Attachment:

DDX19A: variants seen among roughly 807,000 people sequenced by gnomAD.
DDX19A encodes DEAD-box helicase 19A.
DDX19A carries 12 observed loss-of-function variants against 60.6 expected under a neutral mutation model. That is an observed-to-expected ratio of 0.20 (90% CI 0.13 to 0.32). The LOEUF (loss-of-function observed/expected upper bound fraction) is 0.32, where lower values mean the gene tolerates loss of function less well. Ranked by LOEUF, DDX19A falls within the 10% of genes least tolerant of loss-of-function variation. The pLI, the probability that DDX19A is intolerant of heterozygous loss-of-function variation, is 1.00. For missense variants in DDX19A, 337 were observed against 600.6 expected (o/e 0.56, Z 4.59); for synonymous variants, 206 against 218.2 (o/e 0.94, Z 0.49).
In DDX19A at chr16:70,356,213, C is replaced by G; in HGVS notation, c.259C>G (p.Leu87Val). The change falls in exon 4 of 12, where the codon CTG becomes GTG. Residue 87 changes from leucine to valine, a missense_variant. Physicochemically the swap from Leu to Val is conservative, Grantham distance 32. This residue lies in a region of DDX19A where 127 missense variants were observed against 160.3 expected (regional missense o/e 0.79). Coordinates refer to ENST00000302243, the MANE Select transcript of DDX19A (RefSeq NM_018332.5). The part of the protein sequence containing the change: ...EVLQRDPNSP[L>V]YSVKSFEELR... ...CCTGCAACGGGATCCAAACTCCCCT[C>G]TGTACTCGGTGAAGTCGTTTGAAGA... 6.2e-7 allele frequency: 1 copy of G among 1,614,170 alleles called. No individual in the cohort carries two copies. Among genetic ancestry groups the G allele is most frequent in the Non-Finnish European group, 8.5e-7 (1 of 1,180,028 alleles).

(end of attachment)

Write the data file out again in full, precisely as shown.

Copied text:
DDX19A: variants seen among roughly 807,000 people sequenced by gnomAD.
DDX19A encodes DEAD-box helicase 19A.
DDX19A carries 12 observed loss-of-function variants against 60.6 expected under a neutral mutation model. That is an observed-to-expected ratio of 0.20 (90% CI 0.13 to 0.32). The LOEUF (loss-of-function observed/expected upper bound fraction) is 0.32, where lower values mean the gene tolerates loss of function less well. Ranked by LOEUF, DDX19A falls within the 10% of genes least tolerant of loss-of-function variation. The pLI, the probability that DDX19A is intolerant of heterozygous loss-of-function variation, is 1.00. For missense variants in DDX19A, 337 were observed against 600.6 expected (o/e 0.56, Z 4.59); for synonymous variants, 206 against 218.2 (o/e 0.94, Z 0.49).
In DDX19A at chr16:70,356,213, C is replaced by G; in HGVS notation, c.259C>G (p.Leu87Val). The change falls in exon 4 of 12, where the codon CTG becomes GTG. Residue 87 changes from leucine to valine, a missense_variant. Physicochemically the swap from Leu to Val is conservative, Grantham distance 32. This residue lies in a region of DDX19A where 127 missense variants were observed against 160.3 expected (regional missense o/e 0.79). Coordinates refer to ENST00000302243, the MANE Select transcript of DDX19A (RefSeq NM_018332.5). The part of the protein sequence containing the change: ...EVLQRDPNSP[L>V]YSVKSFEELR... ...CCTGCAACGGGATCCAAACTCCCCT[C>G]TGTACTCGGTGAAGTCGTTTGAAGA... 6.2e-7 allele frequency: 1 copy of G among 1,614,170 alleles called. No individual in the cohort carries two copies. Among genetic ancestry groups the G allele is most frequent in the Non-Finnish European group, 8.5e-7 (1 of 1,180,028 alleles).